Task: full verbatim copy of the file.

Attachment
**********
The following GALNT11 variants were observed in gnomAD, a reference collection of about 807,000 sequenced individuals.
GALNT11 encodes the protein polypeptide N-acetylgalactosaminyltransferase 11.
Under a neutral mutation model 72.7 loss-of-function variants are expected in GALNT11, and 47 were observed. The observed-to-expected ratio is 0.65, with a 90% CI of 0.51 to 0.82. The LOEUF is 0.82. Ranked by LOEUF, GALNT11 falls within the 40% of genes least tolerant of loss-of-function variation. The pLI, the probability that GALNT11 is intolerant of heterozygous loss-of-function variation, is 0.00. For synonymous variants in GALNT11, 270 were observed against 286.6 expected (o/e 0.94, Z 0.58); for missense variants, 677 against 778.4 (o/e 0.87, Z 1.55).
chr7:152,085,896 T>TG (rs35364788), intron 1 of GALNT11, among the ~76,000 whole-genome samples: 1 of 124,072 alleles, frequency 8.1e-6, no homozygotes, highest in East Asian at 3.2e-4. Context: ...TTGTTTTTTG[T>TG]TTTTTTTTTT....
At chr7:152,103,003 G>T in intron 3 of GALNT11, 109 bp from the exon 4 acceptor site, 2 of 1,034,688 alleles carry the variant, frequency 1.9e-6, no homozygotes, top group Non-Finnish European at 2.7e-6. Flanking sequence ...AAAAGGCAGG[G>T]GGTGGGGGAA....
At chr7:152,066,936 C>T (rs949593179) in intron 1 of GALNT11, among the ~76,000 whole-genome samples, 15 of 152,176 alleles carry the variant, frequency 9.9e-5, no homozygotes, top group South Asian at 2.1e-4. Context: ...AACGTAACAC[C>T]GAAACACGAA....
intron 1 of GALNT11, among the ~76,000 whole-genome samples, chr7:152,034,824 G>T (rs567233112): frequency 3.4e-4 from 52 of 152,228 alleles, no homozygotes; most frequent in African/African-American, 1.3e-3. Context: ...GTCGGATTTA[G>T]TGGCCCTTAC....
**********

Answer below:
The following GALNT11 variants were observed in gnomAD, a reference collection of about 807,000 sequenced individuals.
GALNT11 encodes the protein polypeptide N-acetylgalactosaminyltransferase 11.
Under a neutral mutation model 72.7 loss-of-function variants are expected in GALNT11, and 47 were observed. The observed-to-expected ratio is 0.65, with a 90% CI of 0.51 to 0.82. The LOEUF is 0.82. Ranked by LOEUF, GALNT11 falls within the 40% of genes least tolerant of loss-of-function variation. The pLI, the probability that GALNT11 is intolerant of heterozygous loss-of-function variation, is 0.00. For synonymous variants in GALNT11, 270 were observed against 286.6 expected (o/e 0.94, Z 0.58); for missense variants, 677 against 778.4 (o/e 0.87, Z 1.55).
chr7:152,085,896 T>TG (rs35364788), intron 1 of GALNT11, among the ~76,000 whole-genome samples: 1 of 124,072 alleles, frequency 8.1e-6, no homozygotes, highest in East Asian at 3.2e-4. Context: ...TTGTTTTTTG[T>TG]TTTTTTTTTT....
At chr7:152,103,003 G>T in intron 3 of GALNT11, 109 bp from the exon 4 acceptor site, 2 of 1,034,688 alleles carry the variant, frequency 1.9e-6, no homozygotes, top group Non-Finnish European at 2.7e-6. Flanking sequence ...AAAAGGCAGG[G>T]GGTGGGGGAA....
At chr7:152,066,936 C>T (rs949593179) in intron 1 of GALNT11, among the ~76,000 whole-genome samples, 15 of 152,176 alleles carry the variant, frequency 9.9e-5, no homozygotes, top group South Asian at 2.1e-4. Context: ...AACGTAACAC[C>T]GAAACACGAA....
intron 1 of GALNT11, among the ~76,000 whole-genome samples, chr7:152,034,824 G>T (rs567233112): frequency 3.4e-4 from 52 of 152,228 alleles, no homozygotes; most frequent in African/African-American, 1.3e-3. Context: ...GTCGGATTTA[G>T]TGGCCCTTAC....